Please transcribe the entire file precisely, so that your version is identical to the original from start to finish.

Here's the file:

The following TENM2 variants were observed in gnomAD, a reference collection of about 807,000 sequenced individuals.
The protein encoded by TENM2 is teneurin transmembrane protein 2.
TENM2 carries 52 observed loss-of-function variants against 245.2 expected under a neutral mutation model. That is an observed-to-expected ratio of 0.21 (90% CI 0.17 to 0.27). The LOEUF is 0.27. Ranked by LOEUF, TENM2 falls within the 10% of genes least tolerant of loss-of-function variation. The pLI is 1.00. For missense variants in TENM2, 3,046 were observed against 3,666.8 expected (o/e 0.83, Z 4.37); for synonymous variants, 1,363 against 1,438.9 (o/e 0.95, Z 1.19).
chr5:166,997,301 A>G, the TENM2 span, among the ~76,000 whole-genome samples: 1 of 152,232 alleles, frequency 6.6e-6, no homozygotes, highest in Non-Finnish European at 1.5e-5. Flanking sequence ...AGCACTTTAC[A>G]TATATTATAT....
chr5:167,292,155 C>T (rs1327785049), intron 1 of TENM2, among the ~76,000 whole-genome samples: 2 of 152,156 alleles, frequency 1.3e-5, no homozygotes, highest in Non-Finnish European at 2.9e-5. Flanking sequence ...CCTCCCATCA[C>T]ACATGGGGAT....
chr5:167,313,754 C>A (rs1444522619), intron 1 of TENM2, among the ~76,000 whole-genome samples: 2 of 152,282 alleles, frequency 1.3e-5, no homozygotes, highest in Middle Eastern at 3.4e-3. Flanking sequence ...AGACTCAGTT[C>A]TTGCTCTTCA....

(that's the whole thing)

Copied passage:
The following TENM2 variants were observed in gnomAD, a reference collection of about 807,000 sequenced individuals.
The protein encoded by TENM2 is teneurin transmembrane protein 2.
TENM2 carries 52 observed loss-of-function variants against 245.2 expected under a neutral mutation model. That is an observed-to-expected ratio of 0.21 (90% CI 0.17 to 0.27). The LOEUF is 0.27. Ranked by LOEUF, TENM2 falls within the 10% of genes least tolerant of loss-of-function variation. The pLI is 1.00. For missense variants in TENM2, 3,046 were observed against 3,666.8 expected (o/e 0.83, Z 4.37); for synonymous variants, 1,363 against 1,438.9 (o/e 0.95, Z 1.19).
chr5:166,997,301 A>G, the TENM2 span, among the ~76,000 whole-genome samples: 1 of 152,232 alleles, frequency 6.6e-6, no homozygotes, highest in Non-Finnish European at 1.5e-5. Flanking sequence ...AGCACTTTAC[A>G]TATATTATAT....
chr5:167,292,155 C>T (rs1327785049), intron 1 of TENM2, among the ~76,000 whole-genome samples: 2 of 152,156 alleles, frequency 1.3e-5, no homozygotes, highest in Non-Finnish European at 2.9e-5. Flanking sequence ...CCTCCCATCA[C>T]ACATGGGGAT....
chr5:167,313,754 C>A (rs1444522619), intron 1 of TENM2, among the ~76,000 whole-genome samples: 2 of 152,282 alleles, frequency 1.3e-5, no homozygotes, highest in Middle Eastern at 3.4e-3. Flanking sequence ...AGACTCAGTT[C>A]TTGCTCTTCA....